Shifting Great Power Positions in Syria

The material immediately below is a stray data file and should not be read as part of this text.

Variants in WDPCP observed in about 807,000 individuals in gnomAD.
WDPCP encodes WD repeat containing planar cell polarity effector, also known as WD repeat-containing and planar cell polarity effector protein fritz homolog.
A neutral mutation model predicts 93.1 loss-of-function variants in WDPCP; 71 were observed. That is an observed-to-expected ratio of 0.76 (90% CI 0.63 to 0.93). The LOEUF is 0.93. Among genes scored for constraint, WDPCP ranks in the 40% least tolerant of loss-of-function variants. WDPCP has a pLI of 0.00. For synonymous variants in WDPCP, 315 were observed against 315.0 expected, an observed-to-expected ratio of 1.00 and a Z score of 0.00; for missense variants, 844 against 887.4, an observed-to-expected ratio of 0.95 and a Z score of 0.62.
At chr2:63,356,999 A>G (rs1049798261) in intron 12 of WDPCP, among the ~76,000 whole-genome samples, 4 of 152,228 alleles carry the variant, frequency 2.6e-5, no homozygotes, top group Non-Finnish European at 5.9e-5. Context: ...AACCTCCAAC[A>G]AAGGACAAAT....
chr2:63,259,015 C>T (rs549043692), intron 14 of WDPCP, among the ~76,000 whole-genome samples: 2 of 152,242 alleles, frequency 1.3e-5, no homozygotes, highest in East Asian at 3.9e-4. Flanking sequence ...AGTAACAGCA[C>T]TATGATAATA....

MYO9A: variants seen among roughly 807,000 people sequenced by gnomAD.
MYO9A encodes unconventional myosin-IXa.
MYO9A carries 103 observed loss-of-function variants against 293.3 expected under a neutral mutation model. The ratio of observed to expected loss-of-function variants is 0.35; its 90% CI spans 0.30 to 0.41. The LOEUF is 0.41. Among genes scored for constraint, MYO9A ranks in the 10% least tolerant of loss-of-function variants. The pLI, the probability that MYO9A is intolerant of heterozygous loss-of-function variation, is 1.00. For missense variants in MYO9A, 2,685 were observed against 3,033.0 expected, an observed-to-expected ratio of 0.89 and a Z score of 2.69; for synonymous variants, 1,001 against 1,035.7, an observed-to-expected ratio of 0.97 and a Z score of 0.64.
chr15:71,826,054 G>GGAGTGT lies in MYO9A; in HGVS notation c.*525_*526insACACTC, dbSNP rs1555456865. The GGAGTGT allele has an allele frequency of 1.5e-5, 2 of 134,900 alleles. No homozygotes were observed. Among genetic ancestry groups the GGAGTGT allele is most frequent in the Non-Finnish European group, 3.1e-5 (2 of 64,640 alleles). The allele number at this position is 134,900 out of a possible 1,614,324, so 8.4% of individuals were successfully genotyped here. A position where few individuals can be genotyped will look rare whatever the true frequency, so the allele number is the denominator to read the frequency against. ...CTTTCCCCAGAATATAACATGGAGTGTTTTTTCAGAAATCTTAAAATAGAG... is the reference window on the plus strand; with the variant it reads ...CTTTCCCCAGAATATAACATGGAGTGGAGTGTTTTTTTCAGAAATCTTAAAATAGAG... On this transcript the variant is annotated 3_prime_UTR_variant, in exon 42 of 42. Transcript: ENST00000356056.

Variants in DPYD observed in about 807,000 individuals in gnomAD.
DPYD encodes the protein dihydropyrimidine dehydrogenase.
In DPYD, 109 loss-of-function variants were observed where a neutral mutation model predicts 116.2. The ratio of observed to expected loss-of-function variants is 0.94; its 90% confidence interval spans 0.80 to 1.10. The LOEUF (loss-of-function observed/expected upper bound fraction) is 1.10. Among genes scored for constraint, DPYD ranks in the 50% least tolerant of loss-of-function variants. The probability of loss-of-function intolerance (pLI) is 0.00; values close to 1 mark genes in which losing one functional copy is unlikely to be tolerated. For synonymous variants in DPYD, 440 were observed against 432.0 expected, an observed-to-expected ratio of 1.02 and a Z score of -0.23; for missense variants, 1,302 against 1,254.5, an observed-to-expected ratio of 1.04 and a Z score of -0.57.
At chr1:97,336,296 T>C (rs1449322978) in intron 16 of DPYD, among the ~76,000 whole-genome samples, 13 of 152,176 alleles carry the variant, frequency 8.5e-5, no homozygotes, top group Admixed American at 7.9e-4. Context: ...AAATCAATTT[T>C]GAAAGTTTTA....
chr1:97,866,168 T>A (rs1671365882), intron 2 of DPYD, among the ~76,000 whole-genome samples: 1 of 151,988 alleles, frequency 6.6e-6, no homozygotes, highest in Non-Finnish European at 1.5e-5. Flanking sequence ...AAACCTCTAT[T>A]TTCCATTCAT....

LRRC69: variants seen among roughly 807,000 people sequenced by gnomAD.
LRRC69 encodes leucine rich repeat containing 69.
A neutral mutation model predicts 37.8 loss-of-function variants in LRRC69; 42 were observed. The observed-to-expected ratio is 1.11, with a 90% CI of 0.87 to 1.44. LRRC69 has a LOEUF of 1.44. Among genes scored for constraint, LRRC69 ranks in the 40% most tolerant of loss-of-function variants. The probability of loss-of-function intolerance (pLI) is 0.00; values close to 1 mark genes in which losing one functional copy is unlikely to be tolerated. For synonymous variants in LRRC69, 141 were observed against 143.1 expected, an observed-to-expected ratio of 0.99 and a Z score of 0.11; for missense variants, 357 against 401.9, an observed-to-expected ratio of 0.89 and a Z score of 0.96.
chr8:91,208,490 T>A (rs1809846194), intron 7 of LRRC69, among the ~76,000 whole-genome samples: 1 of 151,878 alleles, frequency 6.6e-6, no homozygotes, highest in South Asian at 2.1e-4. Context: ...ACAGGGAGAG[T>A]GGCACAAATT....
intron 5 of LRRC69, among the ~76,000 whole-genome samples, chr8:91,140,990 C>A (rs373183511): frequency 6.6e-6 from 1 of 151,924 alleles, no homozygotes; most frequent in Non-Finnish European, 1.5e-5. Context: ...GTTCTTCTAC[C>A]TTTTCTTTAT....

The Turkish offensive against Kurdish-led administrations in northeast Syria resulted in Russia to emerge as the real power broker. Once the US was out of the equation in Syria following President Trump’s decision to pull out, Moscow acted fast not only to secure an agreement between the Syrian Kurds and the regime but also between the Syrian regime and Turkey. Kurds coming to terms with the Assad government will be a massive boost to the regime’s outlook. Despite the widespread criticism of the Turkish invasion of Syria, by several European leaders, US Senators, policymakers, the media and the celebrities, the reac-tions yet produced little in the form of severe concrete sanctions. But Turkey is facing pressure to stop its offensive not only from the West but also from Russia and Iran. With the potential de-mise of the Kurdish-led decentralisation project in Syria, Turkey would benefit highly in strategic political terms. However, this could increase medium level security risks in Turkey as the PKK-linked members of the Syrian Kurds could choose to cross bor-ders to focus on their armed campaign against the Turkish gov-ernment, their ultimate enemy.